U.S. stocks closed flat in a short session on Wednesday as investors found few reasons to push major indexes to their sixth straight day of gains despite strength in biotechs and bullish labor market data.
While both the S&P 500 and Dow touched intraday records, and the Dow closed at a slight record, the day’s moves were slight and volume was light with many market participants already out for the Christmas holiday.
In a session that ended three hours early, about 2.5 billion shares traded on all U.S. platforms, according to BATS exchange data, well below the month-to-date average of 7.66 billion. Markets will reopen Friday.
Equities have been on a hot streak of late, with the Dow closing above 18,000 for the first time ever on Tuesday. The S&P 500 rose 5.5 percent over the past six sessions and has notched 51 closes this year, the most since 1995 and the fourth best in history.
Those gains have come on central bank assurances and improving economic data, a trend that continued with jobless claims on Wednesday. Initial claims for state unemployment benefits dropped 9,000 to a seasonally adjusted 280,000, their fourth straight week of declines, and below the forecast of 290,000.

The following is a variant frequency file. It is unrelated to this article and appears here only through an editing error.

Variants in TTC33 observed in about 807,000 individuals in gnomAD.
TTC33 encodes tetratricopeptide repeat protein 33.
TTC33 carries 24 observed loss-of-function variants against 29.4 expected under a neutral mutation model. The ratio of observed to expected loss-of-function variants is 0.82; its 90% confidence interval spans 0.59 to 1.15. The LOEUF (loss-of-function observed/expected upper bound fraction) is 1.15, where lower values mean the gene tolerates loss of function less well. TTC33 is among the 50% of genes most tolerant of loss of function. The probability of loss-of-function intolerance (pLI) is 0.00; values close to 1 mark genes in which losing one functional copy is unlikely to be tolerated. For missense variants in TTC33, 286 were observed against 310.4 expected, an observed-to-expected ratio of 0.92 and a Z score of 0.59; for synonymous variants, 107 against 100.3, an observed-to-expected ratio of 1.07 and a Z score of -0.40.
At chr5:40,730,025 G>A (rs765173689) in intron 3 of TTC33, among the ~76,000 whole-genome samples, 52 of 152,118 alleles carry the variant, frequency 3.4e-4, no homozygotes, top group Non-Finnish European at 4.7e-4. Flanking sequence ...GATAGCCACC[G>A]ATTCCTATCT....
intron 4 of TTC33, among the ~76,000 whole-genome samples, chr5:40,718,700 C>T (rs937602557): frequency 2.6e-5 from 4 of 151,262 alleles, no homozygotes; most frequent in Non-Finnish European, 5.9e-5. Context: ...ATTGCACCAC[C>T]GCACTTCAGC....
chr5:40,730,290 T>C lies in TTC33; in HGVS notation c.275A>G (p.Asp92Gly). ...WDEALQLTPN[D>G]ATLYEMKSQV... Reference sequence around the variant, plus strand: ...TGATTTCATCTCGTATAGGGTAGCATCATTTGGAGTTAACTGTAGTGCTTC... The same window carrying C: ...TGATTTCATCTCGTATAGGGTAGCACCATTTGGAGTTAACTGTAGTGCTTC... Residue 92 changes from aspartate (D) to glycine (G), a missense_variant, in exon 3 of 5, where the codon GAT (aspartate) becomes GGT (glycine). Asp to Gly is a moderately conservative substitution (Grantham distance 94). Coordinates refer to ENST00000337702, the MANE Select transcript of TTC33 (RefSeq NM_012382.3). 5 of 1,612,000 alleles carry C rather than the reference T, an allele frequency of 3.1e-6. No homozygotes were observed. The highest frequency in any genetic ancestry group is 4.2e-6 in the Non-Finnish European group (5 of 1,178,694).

“Equities are heading towards the year-end finale in a good position,” said Terry Sandven, senior equity strategist at U.S. Bank Wealth Management in Minneapolis. “Fundamental and macro factors are supportive of higher equity prices, and clearly today if you look at the claims data which was generally in line with expectations, it still points toward an improving labor market.”
Biotechs were the big gainers of the day, with the Nasdaq Biotech index .NBI up 1.6 percent in a partial rebound from the drop of nearly 7 percent over the previous two sessions. Celgene Corp (CELG.O) rose 3.3 percent to $109.60 while Gilead Sciences (GILD.O) added 2 percent to $91.29.
The Dow Jones industrial average .DJI rose 6.1 points, or 0.03 percent, to 18,030.27, the S&P 500 .SPX lost 0.29 points, or 0.01 percent, to 2,081.88 and the Nasdaq Composite .IXIC added 8.05 points, or 0.17 percent, to 4,773.47.
Both the Dow and S&P closed out their sixth straight daily advance, the longest streak for the benchmark S&P since June.
Energy shares continued their recent weakness as crude oil CLc1 lost 3.5 percent to $55.15 per barrel and hovered near its lowest level since 2009. The S&P energy index .SPNY fell 0.8 percent; Exxon Mobil (XOM.N) lost 0.9 percent to $93.78 while ConocoPhillips (COP.N) slid 1.3 percent to $70.13.
Declining issues outnumbered advancing ones on the NYSE by 1,542 to 1,453, for a 1.06-to-1 ratio on the downside; on the Nasdaq, 1,550 issues rose and 1,090 fell for a 1.42-to-1 ratio favoring advancers.
The benchmark S&P 500 index was posting 78 new 52-week highs and 5 new lows; the Nasdaq Composite was recording 96 new highs and 24 new lows.